Students are greatly anticipating the break before and during Tuesday, Jan. 21, 2014. Monday, Tuesday, Wednesday and Thursday of the week before are reserved for multiple, exhausting exams. With make-up day seen as another day off, in addition to an already long weekend, it seems like the light at the end of the tunnel.
Some students, though, will have their break cut a little short at the end. These are the forensics students who will be coming to Staples Tuesday afternoon to conduct their final: a mock criminal trial.
Forensics teacher Michael Lazaroff explained that the purpose of the final taking place on make-up day is so the classes can come together for their final. “This is the only way to get two classes to meet at the same time,” Lazaroff said. “We have one common crime scene that both classes have been analyzing.”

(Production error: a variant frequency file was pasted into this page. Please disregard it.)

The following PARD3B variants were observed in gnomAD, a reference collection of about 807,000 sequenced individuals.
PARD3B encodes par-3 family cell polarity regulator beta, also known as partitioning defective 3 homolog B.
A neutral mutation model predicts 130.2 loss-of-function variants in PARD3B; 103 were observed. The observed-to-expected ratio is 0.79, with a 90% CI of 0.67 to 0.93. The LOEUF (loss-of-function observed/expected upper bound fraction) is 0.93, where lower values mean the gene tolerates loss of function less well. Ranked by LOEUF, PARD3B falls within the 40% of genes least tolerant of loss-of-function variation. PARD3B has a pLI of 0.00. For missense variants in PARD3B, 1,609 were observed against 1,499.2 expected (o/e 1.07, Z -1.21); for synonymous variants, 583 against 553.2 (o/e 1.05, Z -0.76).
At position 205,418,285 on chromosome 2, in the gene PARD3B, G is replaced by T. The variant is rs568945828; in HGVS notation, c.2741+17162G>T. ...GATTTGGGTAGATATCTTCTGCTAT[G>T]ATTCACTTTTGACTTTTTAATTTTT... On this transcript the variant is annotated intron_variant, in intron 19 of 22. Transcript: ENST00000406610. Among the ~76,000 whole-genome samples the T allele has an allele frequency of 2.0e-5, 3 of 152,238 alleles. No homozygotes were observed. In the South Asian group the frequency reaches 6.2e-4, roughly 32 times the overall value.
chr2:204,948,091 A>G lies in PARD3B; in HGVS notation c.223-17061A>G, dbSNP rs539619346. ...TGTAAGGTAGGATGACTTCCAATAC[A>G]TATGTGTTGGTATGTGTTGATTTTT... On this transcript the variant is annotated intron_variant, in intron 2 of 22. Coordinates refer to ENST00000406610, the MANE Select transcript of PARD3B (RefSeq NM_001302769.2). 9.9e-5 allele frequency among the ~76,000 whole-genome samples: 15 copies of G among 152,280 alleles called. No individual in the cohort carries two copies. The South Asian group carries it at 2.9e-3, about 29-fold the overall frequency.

Forensics students agreed that they were initially upset about the unique plan but felt it also had many benefits.
“The arrangement is a little annoying,” Addy Fowle ’15 said. “But I think that the final crime scene and mock court are way more fun than a regular final.”
“It’s way better than another situation because it’s after all other midterms, so you don’t have to stress about other exams during the trial,” Kathryn Green ’14 said. “You can really focus on your presentation.”
Others, such as Lindsey Lozyniak ’14, have mixed feelings. She would prefer to have the final be during a regular midterm period. But, based on the trial needing both classes present, she thinks the current arrangement is necessary.
Because the trial is a final exam, students unable to make it Tuesday are required to instead write a 20-page paper on everything regarding the criminal case.
“The paper is not intending to be punitive,” Lazaroff said. “But it’s easier to show up.”
According to Lazroff, only once in his history of teaching forensics has a student been absent for the trial. He feels that students’ fun and engaging experience in crime court is worth coming on make-up day.
“Most exams you have to prove what you know,” Lazaroff said. “Here, you leave learning something.”